Tag Archives: weekly round up

Big Brained Guppies, Gentle Vikings, and GIS: Weekly Round-Up 1/6/2013

This week has been slightly relaxing. No school this week, and I’m back from vacation, we got reliable internet back at my house, and I was able to catch up on sleep. That being said I still managed to stumble on some gems to read.

Found this website, by ERSI. They are the people who bring us ArcGIS in all it’s wacky glory. I’m kinda liking this, since its an academic style online magazine that is  open to the public. I’m hoping they make a Volume 2. http://www.esri.com/library/journals/archaeology/index.html

I found this while looking for other articles on Vikings, the reason for that search will be obvious soon. http://news.nationalgeographic.com/news/2004/02/0217_040217_vikings_2.html, its all about reforming the bad rep Vikings got, mainly from exaggerated or  made up tales of raiding churches  along the coast. This might be fodder for another series one day, for now it’s just good reading.

The last thing I really got fired up over was a study on the “Expensive Tissue Hypothesis” which basically says the larger our brains the more it cost us to run them, or Big brains = lots of calories. These guys tested this with guppies, and selectively breed them for larger brains. They noted that the larger brained females out performed the smaller brained ones in cognitive tests and the guts of the larger brained guppies shrank. Also, they appeared to have fewer offspring at a time. This is pretty exciting for a lot of reasons dealing with the evolution of human brains.  http://www.cell.com/current-biology/abstract/S0960-9822(12)01438-8

So, that’s what I’ve been up to this week. Feel free to share what you’ve read.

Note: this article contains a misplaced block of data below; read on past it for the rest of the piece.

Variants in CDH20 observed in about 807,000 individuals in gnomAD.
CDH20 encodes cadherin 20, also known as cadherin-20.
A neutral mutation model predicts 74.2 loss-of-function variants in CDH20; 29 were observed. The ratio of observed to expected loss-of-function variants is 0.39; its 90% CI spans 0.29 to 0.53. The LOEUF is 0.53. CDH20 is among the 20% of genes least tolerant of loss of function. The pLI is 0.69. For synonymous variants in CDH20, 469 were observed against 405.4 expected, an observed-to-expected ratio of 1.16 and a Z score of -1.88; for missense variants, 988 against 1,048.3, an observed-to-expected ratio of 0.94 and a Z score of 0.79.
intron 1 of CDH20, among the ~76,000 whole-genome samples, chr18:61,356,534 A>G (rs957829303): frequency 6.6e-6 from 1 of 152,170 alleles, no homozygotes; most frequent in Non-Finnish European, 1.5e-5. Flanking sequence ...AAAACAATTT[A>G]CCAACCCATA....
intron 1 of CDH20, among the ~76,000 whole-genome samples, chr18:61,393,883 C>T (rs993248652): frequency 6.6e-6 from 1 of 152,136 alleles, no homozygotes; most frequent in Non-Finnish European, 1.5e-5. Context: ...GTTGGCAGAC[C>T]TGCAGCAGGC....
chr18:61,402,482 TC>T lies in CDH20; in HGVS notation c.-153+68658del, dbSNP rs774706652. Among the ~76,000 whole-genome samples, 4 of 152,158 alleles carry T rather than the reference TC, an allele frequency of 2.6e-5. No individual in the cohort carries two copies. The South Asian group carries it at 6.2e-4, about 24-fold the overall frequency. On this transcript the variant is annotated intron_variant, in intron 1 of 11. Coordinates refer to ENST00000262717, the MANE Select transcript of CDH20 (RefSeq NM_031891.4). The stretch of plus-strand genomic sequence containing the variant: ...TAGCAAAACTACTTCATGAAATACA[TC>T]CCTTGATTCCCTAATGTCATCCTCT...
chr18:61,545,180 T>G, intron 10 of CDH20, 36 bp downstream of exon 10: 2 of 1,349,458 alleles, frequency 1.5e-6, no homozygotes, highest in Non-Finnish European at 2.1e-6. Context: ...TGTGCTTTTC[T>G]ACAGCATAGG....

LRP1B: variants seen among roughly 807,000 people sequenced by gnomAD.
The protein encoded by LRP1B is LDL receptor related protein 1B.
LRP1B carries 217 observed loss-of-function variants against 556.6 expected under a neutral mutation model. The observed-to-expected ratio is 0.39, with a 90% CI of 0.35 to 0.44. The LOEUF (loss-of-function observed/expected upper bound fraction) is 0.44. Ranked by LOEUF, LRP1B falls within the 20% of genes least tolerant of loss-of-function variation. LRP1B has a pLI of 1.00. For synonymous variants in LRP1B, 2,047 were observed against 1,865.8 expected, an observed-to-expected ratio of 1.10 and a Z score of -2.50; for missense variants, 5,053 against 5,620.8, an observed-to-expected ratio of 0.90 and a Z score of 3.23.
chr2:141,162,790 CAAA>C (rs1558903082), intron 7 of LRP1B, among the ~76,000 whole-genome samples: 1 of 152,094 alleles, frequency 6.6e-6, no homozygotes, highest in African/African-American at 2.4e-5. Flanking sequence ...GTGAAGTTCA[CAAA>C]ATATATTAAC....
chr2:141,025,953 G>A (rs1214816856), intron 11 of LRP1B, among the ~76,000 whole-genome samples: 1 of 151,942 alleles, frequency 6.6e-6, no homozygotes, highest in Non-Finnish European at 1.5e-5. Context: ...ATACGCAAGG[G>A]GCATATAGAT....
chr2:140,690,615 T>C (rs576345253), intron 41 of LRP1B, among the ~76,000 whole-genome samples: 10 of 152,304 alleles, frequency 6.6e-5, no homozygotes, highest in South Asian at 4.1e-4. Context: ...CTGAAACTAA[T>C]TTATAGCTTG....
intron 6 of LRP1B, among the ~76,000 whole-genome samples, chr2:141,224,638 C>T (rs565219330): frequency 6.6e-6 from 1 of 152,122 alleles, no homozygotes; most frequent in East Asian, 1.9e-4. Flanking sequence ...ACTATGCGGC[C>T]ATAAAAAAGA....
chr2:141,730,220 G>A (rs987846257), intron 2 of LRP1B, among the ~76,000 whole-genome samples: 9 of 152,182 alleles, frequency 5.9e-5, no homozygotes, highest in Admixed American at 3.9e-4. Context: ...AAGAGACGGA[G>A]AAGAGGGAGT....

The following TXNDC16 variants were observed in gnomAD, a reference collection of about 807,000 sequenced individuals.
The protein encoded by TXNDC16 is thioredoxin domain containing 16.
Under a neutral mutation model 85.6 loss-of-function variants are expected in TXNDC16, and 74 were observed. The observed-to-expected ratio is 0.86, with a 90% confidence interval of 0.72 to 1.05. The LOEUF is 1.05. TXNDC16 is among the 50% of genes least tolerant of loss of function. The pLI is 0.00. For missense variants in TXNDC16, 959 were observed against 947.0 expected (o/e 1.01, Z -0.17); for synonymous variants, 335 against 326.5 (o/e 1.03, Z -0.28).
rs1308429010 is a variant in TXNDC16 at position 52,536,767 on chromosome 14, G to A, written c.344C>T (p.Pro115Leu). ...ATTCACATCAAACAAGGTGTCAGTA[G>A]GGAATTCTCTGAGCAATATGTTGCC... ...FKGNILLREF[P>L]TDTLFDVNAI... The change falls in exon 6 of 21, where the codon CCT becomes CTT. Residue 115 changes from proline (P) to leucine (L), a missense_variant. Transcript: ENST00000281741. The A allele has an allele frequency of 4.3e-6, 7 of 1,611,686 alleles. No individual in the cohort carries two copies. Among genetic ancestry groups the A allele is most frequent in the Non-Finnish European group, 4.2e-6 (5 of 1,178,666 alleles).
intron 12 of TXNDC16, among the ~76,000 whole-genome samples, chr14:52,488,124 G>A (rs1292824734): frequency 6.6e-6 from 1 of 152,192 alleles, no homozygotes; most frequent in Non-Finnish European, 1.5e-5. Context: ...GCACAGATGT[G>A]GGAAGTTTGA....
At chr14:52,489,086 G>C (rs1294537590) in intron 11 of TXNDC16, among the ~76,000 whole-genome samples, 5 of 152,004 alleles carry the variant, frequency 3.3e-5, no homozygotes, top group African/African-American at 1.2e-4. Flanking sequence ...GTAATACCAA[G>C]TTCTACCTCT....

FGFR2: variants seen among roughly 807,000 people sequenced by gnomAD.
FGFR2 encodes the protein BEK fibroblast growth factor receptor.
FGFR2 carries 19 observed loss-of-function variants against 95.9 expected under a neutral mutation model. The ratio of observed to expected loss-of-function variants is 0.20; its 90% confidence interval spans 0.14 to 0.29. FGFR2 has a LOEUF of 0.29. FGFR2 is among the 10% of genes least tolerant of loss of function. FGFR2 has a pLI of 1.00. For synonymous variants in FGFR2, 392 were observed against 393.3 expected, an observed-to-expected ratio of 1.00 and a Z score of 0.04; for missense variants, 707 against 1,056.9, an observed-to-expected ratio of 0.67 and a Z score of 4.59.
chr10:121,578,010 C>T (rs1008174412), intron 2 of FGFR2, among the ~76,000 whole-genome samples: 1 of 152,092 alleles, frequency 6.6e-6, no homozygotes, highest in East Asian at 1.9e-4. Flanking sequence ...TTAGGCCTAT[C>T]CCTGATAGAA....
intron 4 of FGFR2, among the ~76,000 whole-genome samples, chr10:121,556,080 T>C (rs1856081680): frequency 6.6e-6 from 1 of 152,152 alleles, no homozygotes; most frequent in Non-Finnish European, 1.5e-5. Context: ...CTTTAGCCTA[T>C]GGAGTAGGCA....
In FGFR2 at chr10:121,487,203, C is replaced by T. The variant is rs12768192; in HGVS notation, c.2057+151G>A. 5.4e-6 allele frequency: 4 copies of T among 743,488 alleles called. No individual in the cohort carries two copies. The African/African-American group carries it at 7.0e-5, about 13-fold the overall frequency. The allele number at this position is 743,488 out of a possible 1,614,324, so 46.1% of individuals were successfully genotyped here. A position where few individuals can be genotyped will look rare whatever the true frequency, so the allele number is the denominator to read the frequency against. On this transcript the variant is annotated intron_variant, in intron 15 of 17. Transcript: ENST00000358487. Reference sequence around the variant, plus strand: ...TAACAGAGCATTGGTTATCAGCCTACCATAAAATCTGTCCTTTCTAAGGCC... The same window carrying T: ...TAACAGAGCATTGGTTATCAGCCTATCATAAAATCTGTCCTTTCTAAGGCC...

Weekly Archaeology Round-Up

Apparently people like weekly round-ups of the highlights of my week, which unfortunately for you, mostly revolves around study, eating, working, and sleeping. However  I do manage to read and watch a few things, so in the spirit of the round-up, I will share them here with you. Enjoy!

Current books I am reading: I have managed to squeeze a few pages of The Silver Hand by Stephen R. Lawhead in. It’s the second book in the Song of Albion series, and a really good fantasy epic. It takes place in a parallel world that is apparently inhabited by immortal Celts. Tow guys from our world magically get transported there, and start a civil war of sorts among the largest of the ruling tribes, causing a great evil to be unleashed and the world of Albion to become endangered. IN this book, Lewis is trying to drag Simon back to their world before Simon can cause irreversible damage, but he also has to deal with being a King in exile, since Simon kinda killed the last one. It’s a good read and full of fun myth and historical blending to create a rich fantasy world.

I am, of course, participating in NaNoWriMo, but am probably not going to make it this year. Still, I did get quite of bit of work done on my thesis, so all in all, a win for me.

And a few things I read that I wanted to share, (with links this time)

Mesolithic man find could rewrite Stone Age history – This one is out of the BBC and a little misleading. There is evidence of Mesolithic human presence, but not individual remains. Thanks again media!

A Sneak Peek At The Soon-To-Reopen National Museum Of Iraq – This is a nice one since we bombed the crap out of Iraq, not bothering to avoid historical sites. Still, the museum has clawed its way back, and I for one am glad for it.

And Lastly, How Vikings killed time because I love my Viking, here Leszek Gardela uses archaeological findings and Viking sagas to figure out how the Norse killed time, and sometimes each other. It’s interesting, and I like that she says to take this ll with a grain of salt.

So, enjoy what I’ve killed my free time on this week, and with luck we’ll have another wrap-up next Sunday!